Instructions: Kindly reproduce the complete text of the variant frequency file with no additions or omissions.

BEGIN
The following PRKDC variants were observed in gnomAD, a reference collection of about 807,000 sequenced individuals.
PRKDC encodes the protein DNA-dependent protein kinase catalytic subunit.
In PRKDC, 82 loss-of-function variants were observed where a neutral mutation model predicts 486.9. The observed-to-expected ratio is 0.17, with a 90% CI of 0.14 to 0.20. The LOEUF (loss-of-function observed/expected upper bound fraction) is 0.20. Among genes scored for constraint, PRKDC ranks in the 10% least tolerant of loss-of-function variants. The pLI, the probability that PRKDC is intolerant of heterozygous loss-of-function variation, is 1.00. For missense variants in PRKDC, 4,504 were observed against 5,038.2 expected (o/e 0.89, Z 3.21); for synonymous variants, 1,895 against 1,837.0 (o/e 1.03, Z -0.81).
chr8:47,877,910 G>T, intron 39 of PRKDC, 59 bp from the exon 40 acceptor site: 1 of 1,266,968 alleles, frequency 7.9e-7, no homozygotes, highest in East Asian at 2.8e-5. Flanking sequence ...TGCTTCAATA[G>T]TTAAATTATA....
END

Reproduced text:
The following PRKDC variants were observed in gnomAD, a reference collection of about 807,000 sequenced individuals.
PRKDC encodes the protein DNA-dependent protein kinase catalytic subunit.
In PRKDC, 82 loss-of-function variants were observed where a neutral mutation model predicts 486.9. The observed-to-expected ratio is 0.17, with a 90% CI of 0.14 to 0.20. The LOEUF (loss-of-function observed/expected upper bound fraction) is 0.20. Among genes scored for constraint, PRKDC ranks in the 10% least tolerant of loss-of-function variants. The pLI, the probability that PRKDC is intolerant of heterozygous loss-of-function variation, is 1.00. For missense variants in PRKDC, 4,504 were observed against 5,038.2 expected (o/e 0.89, Z 3.21); for synonymous variants, 1,895 against 1,837.0 (o/e 1.03, Z -0.81).
chr8:47,877,910 G>T, intron 39 of PRKDC, 59 bp from the exon 40 acceptor site: 1 of 1,266,968 alleles, frequency 7.9e-7, no homozygotes, highest in East Asian at 2.8e-5. Flanking sequence ...TGCTTCAATA[G>T]TTAAATTATA....